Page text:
sysinstall/fdisk drive geometry problem

Jerry McAllister jerrymc at
Wed Mar 16 06:58:46 PST 2005

> Hello
> I finally got another hdd for my home box, decided to do a fresh fbsd 
> install and I ended up with a disk problem :( :
> ide0: 40GB [FreeBSD wannabe (ufs2) 10GB, storage2 (fat32) 30GB]
> ide2: 40GB [WinXP (ntfs) 10GB, storage1 (fat32) 30GB]
> Now when I begin the installation, and go to the partitioning section, 
> fdisk complains about drive geometry and rearranges the drive. Here are 
> the settings:
> cyls/heads/sectors
> 19xxx/16/255 (BIOS)
> 7xxx/16/63 (dmesg "this is what fbsd complains to")
> 4xxx/255/63 (the new fdisk rearrangement)
> and FreeBSD's fdisk seems to get off on setting the head count to 255!!! 
> I tried setting the bios value and fdisk complains again, but for some 
> reason when I swap the heads and sectors values it does not. Same goes 
> for the dmesg values (drive geometry from the dmesg output).
> Since I have no experience with changing drive geometry, nor do I 
> understand the bloody thing, I have several issues:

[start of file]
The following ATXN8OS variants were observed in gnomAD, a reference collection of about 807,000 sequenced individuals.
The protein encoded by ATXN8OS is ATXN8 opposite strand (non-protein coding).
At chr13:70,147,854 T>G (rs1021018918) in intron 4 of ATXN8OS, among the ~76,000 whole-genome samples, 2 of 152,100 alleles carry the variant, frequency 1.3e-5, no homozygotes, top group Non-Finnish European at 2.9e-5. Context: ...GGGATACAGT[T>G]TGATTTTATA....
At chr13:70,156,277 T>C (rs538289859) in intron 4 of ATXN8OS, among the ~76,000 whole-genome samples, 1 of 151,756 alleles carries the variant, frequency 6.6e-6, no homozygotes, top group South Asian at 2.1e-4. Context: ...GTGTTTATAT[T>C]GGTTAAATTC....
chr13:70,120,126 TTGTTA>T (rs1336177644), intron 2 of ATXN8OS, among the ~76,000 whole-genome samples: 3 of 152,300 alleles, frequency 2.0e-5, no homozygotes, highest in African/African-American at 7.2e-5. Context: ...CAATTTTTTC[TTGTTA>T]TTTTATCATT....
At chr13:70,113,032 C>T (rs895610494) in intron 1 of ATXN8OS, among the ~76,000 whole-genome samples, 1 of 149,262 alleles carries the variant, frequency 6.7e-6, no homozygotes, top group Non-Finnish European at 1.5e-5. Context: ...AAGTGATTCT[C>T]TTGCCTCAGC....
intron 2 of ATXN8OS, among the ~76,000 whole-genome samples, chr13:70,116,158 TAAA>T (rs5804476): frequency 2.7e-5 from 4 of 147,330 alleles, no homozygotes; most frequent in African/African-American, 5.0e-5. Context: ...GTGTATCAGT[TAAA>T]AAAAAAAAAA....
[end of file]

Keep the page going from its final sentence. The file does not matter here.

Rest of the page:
> - Will I loose the data on 'storage2' if I change the drive geometry?
> - How should I set up the new drive geometry? What setting is 
> faster/better? more cyls or more sectors (since fdisk is set to use 255 
> heads)?
> - If I backup 'storage2', change drive geometry as fbsd/fdisk suggests 
> (or whatever), create a 10g slice and leave the other space 
> unpartitioned, will I be able to partition and format the drive to fat32 
> from WinXP?

Generally, I don't tink with drive geometry.  I just let the system take 
care of it.   I haven't done much with IDE - only a couple of systems - but 
it seemed to work the same on those.  The geometry values you see are 
mostly fiction and are there for some historical (hysterical??) reasons.
What fdisk sees will not match what is really on the disk.

There is a FAQ and lots of stuff in the archives on this.   Some of
the entries, especially the FAQ explain it fairly well - better than
I can.   But, the sum of it is just go ahead and try the new disk.
Don't change BIOS or anything about the gometry.  Ignore its whining.   
If it seems to work, then the system knows what it is doing.  If it 
doesn't, then take the details from what goes wrong and ask some 
more questions.   

In the meantime, don't do anything with your old disk, just to
be careful.

> That's about it... any examples would be great!
> thanks ahead!
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